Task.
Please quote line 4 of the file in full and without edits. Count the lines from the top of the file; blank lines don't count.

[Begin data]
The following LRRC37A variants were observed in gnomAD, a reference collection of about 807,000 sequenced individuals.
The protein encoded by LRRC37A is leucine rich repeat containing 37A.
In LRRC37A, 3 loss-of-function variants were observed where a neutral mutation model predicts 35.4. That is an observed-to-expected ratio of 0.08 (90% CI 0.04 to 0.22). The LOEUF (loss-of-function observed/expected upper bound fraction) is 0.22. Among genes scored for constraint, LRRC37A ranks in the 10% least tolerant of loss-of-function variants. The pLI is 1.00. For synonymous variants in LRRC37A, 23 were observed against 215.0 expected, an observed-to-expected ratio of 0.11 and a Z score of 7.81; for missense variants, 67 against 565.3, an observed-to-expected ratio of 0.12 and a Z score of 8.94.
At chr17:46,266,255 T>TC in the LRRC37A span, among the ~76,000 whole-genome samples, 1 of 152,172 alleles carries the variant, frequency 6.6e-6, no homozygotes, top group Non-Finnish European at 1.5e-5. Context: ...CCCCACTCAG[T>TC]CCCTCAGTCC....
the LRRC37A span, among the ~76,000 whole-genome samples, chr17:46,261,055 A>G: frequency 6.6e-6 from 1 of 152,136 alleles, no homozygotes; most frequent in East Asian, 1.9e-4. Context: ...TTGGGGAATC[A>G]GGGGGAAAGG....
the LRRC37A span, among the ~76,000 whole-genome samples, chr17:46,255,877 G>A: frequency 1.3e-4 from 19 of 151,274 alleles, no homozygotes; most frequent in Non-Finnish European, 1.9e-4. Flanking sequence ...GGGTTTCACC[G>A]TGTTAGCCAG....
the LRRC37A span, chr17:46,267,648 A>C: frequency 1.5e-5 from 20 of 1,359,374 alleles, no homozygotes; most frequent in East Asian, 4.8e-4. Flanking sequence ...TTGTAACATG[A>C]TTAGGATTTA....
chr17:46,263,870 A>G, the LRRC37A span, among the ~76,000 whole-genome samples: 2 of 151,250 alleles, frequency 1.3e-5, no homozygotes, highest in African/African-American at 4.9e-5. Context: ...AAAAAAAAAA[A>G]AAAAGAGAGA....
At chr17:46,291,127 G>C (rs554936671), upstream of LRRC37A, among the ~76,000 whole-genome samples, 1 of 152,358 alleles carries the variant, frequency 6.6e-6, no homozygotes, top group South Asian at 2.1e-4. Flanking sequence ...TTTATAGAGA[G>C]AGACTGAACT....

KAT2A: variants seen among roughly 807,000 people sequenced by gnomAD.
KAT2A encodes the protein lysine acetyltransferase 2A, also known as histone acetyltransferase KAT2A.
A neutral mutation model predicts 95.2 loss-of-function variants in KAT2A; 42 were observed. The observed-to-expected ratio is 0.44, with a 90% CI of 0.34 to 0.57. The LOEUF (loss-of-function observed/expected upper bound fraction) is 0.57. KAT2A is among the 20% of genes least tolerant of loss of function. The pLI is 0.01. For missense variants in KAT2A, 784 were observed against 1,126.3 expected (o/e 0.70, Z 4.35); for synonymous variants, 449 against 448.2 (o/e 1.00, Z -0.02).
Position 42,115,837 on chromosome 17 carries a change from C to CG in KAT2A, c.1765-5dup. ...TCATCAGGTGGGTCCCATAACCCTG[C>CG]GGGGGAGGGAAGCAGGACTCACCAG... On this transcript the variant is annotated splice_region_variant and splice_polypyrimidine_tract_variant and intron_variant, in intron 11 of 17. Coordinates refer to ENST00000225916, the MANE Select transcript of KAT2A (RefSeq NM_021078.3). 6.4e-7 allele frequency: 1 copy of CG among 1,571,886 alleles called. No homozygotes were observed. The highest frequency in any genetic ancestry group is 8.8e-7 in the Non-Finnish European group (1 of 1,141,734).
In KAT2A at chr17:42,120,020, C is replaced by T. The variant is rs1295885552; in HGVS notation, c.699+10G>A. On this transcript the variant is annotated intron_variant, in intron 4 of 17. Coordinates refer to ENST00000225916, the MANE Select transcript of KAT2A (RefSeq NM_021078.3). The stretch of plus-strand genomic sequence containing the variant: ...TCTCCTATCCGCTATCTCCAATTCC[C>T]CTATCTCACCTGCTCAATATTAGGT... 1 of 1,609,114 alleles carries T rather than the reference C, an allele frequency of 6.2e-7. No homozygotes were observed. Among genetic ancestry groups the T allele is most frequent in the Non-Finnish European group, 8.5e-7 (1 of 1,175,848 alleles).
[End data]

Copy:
At chr17:46,266,255 T>TC in the LRRC37A span, among the ~76,000 whole-genome samples, 1 of 152,172 alleles carries the variant, frequency 6.6e-6, no homozygotes, top group Non-Finnish European at 1.5e-5. Context: ...CCCCACTCAG[T>TC]CCCTCAGTCC....